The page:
Oracle Database 10g: PL/SQL Fundamentals 1-&lt;number&gt; PL/SQL Programming Environments (continued) When you log in to iSQL*Plus, you see the screen shown in the slide. Note that you have a workspace to enter SQL, PL/SQL, and SQL*Plus statements. Click the Execute button to execute your statements in the workspace. Click the Save Script button when you want to save all the commands in the workspace in a script file. You can save the script as a *.sql file. If you want to execute any script file, click the Load Script button and browse to select the script file. All the statements in the script file are loaded to the workspace and you can click the Execute button to execute the statements. The Clear button is used to clear the workspace.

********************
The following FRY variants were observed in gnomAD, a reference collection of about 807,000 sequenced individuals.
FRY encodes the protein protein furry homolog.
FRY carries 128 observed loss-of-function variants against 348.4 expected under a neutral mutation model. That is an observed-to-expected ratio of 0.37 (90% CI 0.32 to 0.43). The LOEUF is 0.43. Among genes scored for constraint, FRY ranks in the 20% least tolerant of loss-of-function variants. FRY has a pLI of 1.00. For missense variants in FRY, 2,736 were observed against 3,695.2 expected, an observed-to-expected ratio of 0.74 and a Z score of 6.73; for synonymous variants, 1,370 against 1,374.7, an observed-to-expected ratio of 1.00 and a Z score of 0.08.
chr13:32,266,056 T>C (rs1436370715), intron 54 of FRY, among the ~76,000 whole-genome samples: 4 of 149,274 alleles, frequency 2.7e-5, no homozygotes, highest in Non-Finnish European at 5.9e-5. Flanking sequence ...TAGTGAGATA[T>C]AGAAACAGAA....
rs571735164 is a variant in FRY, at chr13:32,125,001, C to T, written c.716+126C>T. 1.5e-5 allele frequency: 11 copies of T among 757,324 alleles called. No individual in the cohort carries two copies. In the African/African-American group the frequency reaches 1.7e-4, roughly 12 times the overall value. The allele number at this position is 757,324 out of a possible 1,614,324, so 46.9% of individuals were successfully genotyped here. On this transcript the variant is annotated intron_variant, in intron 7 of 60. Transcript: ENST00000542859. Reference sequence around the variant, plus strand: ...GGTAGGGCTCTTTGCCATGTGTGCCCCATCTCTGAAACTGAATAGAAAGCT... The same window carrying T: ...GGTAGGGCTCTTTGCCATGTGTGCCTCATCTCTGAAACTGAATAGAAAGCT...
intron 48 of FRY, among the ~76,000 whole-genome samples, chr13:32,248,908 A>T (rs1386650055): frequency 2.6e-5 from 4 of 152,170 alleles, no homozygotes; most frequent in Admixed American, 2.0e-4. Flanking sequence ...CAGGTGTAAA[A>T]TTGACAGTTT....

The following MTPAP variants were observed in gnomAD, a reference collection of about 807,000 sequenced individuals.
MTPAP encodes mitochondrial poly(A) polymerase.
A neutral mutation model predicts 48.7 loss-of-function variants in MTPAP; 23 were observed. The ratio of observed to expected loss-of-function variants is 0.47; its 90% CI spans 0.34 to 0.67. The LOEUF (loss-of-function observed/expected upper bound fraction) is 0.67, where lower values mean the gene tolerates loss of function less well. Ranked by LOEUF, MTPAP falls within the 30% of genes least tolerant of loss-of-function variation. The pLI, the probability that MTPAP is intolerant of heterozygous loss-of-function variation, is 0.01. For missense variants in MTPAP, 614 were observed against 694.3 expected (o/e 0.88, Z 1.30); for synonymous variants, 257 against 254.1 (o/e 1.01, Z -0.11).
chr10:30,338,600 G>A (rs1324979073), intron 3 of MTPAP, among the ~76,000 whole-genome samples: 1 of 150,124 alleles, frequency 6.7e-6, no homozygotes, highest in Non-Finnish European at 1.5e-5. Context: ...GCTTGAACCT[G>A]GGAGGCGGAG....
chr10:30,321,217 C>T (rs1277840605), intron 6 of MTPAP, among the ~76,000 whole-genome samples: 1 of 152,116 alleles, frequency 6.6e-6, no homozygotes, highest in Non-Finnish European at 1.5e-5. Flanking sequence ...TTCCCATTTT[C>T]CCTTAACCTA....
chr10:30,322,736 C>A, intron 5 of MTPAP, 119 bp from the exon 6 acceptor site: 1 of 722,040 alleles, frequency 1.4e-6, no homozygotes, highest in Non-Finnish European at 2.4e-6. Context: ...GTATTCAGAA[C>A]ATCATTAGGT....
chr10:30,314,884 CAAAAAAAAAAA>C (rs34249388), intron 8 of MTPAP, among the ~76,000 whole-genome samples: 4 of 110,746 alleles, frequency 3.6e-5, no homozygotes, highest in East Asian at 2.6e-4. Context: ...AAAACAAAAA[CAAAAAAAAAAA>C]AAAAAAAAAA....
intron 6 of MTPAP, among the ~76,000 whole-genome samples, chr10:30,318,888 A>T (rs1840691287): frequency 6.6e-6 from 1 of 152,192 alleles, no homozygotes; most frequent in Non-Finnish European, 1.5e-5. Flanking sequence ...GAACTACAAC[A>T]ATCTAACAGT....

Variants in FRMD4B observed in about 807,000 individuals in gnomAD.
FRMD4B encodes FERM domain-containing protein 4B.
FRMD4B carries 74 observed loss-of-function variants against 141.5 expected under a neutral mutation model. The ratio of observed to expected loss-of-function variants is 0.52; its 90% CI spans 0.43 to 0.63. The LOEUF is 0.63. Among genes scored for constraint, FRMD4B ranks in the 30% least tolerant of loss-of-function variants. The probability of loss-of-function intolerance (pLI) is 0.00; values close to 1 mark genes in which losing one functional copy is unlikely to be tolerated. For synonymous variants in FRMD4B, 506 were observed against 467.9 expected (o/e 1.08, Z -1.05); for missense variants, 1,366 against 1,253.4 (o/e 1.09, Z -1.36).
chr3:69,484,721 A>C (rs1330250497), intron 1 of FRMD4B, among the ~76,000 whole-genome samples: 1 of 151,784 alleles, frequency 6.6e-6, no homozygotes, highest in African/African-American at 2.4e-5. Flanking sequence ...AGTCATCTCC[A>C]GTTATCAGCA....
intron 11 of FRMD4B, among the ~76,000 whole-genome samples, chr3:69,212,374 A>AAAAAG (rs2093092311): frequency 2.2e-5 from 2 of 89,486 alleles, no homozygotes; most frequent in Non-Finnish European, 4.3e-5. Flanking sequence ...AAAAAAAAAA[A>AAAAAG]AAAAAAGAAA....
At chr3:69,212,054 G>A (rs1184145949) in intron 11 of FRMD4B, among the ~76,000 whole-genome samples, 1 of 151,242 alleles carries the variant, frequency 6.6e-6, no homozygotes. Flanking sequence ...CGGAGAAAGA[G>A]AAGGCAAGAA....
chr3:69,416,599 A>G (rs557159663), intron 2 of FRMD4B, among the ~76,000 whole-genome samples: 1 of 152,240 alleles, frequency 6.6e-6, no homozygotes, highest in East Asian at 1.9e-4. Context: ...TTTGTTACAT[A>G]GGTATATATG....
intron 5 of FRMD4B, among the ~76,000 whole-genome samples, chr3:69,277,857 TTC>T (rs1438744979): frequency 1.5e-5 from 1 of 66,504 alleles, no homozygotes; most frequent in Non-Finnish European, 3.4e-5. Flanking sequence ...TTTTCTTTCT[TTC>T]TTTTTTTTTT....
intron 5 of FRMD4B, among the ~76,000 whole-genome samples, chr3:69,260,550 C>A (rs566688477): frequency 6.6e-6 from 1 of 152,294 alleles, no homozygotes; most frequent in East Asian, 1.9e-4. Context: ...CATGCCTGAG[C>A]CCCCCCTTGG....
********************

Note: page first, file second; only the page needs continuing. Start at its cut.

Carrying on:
Oracle Database 10g: PL/SQL Fundamentals 1-&lt;number&gt; iSQL*Plus Architecture iSQL*Plus uses a three-tier model as shown in the slide. The three tiers in the architecture are: Client tier: The client is a typical HTTP client. Any browser connected to the intranet or Internet can access the iSQL*Plus user interface. Middle tier: The Application Server forms the middle tier in the iSQL*Plus architecture. The Application Server is installed when the database is installed. The iSQL*Plus server must be installed on the same machine as the Application Server. The middle tier is a Java2 Enterprise Edition (J2EE)–compliant application server. The Application Server enables communication between iSQL*Plus and the database. The three tiers in the architecture need not be on the same machine. However, the HTTP Server and iSQL*Plus Server should be on the same machine. iSQL*Plus manages a unique identity for each session. The advantage of this is that many concurrent users can use iSQL*Plus to access the database. Database tier: The database tier has the database server. The Oracle Net components enable communication between the iSQL*Plus Server and the database.